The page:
Trustees

FORM-A-TRUST (GIBRALTAR) LIMITED has been licensed by the Gibraltar Financial Services Commission to offer services as professional Trustees. By employing the services of FORM-A-TRUST (GIBRALTAR) LIMITED as a corporate Trustee, the Settlor is afforded the peace of mind of a guaranteed continuity of Trustee services that are governed by strict regulation, and overseen by a Commission that is charged with ensuring that its licensees adhere to the highest standards of fiduciary services.

Beneficiaries

During their lifetime, the Trustees will have regard to the wishes of the Settlor(s) and a full list of Beneficiaries with supporting due diligence documentation in respect of each, is a vital component at the inception of the Trust, and at any time during the life of the Trust when any changes are envisaged.

The Protector or Counsellor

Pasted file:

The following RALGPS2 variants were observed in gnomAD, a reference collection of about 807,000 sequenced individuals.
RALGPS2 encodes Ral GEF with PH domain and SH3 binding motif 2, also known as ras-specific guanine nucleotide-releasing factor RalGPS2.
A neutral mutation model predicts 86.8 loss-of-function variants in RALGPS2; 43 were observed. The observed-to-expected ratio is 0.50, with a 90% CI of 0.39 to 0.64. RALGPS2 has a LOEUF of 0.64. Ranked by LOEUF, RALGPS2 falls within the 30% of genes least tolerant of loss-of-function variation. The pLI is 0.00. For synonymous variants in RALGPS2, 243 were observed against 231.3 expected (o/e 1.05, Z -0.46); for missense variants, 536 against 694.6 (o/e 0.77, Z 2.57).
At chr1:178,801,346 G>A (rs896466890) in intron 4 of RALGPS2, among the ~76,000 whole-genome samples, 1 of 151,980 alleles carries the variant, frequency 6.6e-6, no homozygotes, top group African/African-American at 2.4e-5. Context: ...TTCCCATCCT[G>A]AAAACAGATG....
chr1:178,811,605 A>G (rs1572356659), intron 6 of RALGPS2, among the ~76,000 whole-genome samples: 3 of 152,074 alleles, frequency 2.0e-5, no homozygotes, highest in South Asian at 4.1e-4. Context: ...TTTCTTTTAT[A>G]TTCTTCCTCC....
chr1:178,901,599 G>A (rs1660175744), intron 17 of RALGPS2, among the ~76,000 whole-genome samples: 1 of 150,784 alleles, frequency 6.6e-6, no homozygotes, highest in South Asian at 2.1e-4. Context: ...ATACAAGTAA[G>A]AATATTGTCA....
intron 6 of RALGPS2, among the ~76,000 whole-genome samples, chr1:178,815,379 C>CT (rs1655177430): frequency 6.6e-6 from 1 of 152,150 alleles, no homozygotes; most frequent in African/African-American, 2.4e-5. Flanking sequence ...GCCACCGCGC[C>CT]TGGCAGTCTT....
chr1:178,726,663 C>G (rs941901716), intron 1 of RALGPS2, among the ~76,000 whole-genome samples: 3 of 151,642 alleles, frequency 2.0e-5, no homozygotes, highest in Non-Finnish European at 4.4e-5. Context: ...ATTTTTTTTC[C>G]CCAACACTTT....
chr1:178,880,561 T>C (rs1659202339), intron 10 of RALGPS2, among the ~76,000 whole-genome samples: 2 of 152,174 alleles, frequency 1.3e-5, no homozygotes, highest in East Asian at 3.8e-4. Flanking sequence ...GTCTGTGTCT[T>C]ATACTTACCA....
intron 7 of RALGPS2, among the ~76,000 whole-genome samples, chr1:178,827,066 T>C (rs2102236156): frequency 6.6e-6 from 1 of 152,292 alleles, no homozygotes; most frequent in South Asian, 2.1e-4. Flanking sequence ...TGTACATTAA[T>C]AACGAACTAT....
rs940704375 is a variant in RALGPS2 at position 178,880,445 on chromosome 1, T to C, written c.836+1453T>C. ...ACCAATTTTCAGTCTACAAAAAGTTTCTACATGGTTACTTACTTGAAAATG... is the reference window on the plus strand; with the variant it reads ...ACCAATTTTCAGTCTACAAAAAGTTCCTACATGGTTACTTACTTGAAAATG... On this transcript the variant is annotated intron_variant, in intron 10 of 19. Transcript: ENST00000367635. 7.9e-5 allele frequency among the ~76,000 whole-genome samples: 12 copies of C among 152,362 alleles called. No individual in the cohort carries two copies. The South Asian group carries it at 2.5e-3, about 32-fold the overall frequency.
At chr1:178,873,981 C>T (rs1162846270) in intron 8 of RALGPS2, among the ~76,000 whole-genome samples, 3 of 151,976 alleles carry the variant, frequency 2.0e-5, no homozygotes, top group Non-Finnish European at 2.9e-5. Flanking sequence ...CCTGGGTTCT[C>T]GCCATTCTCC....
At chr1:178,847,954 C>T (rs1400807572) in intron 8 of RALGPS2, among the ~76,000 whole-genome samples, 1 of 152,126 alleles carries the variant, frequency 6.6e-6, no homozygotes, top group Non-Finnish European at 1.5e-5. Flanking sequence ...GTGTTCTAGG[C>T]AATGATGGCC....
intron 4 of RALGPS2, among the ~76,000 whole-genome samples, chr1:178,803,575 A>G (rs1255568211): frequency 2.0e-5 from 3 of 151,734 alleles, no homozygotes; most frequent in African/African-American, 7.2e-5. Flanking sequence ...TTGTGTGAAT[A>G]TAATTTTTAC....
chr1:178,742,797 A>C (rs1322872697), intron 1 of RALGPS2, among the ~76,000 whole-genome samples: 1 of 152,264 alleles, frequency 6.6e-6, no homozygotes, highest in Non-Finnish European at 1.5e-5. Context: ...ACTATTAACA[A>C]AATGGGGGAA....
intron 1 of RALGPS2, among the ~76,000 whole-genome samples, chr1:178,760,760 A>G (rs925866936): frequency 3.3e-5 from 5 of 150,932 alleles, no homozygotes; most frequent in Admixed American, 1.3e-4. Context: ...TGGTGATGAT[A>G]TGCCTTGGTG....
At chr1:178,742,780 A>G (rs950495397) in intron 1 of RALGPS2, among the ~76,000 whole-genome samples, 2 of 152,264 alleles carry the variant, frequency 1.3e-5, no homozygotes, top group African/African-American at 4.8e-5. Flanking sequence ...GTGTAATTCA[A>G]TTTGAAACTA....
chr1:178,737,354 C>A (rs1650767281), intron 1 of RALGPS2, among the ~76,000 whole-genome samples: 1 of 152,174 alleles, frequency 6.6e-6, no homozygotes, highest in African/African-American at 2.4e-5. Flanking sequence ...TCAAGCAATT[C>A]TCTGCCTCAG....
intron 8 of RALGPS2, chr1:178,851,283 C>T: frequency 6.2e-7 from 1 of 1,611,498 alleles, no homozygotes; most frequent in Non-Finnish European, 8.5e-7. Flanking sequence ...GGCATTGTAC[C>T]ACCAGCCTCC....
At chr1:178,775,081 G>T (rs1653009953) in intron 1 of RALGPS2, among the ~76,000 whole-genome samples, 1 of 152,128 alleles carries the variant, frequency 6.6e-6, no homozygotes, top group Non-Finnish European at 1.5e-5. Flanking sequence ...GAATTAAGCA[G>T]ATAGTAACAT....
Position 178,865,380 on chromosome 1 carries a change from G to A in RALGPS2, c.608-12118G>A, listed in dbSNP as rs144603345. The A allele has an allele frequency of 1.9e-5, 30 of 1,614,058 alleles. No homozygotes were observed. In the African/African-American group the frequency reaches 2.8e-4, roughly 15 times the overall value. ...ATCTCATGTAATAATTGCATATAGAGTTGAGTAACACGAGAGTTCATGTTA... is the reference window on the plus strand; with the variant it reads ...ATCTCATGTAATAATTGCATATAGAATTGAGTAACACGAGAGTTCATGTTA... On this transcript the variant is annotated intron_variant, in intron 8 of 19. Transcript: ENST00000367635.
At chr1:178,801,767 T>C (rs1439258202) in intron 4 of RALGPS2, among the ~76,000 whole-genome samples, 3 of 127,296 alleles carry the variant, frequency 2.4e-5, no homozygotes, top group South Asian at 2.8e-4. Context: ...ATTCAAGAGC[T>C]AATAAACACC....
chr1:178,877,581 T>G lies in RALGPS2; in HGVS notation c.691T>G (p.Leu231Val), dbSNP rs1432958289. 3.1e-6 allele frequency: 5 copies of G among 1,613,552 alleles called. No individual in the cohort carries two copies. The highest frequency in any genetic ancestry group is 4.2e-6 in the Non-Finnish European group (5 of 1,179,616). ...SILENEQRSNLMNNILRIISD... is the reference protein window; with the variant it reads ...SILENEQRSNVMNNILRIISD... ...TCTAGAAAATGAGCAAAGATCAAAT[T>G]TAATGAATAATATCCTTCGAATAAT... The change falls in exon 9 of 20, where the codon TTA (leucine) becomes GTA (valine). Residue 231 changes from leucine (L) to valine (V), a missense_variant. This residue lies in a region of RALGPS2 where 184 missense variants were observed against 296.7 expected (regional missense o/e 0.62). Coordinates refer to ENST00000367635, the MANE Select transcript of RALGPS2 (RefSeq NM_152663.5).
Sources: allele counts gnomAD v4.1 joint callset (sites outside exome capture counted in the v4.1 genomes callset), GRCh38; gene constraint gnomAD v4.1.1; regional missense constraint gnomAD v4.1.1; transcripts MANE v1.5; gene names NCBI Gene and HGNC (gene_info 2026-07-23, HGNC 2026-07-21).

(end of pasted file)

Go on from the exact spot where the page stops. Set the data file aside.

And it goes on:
Normally, there would be no difficulty in the Settlor also acting in the capacity of Protector or Counsellor, although certain safeguards for the Settlor may be found by appointing a Protector or Counsellor who has his or her confidence. To avoid any possible adverse tax consequences which may result if the Protector (or indeed the Settlor) was seen to be controlling the Trustees, it is advisable to limit the powers given to the Protector to those of approval and endorsement of defined actions of the Trustees without which the Trustees would feel precluded from taking such action.

Advantages of a Discretionary Trust

Assets transferred into Trust no longer form part of the estate of the Settlor so that:

  1. The Settlor would not generally be taxable on the income and/or capital gains generated by those assets.
  2. On death probate and, generally, Inheritance Tax would be avoided. The Trust provides a speedy, confidential, flexible and orderly mechanism for the distribution of the trust assets.
  3. The Trust assets are substantially protected against claims from creditors of the Settlor so long as the Trust was settled properly and in a timely manner and did not in itself result in the bankruptcy or financial difficulty of the Settlor.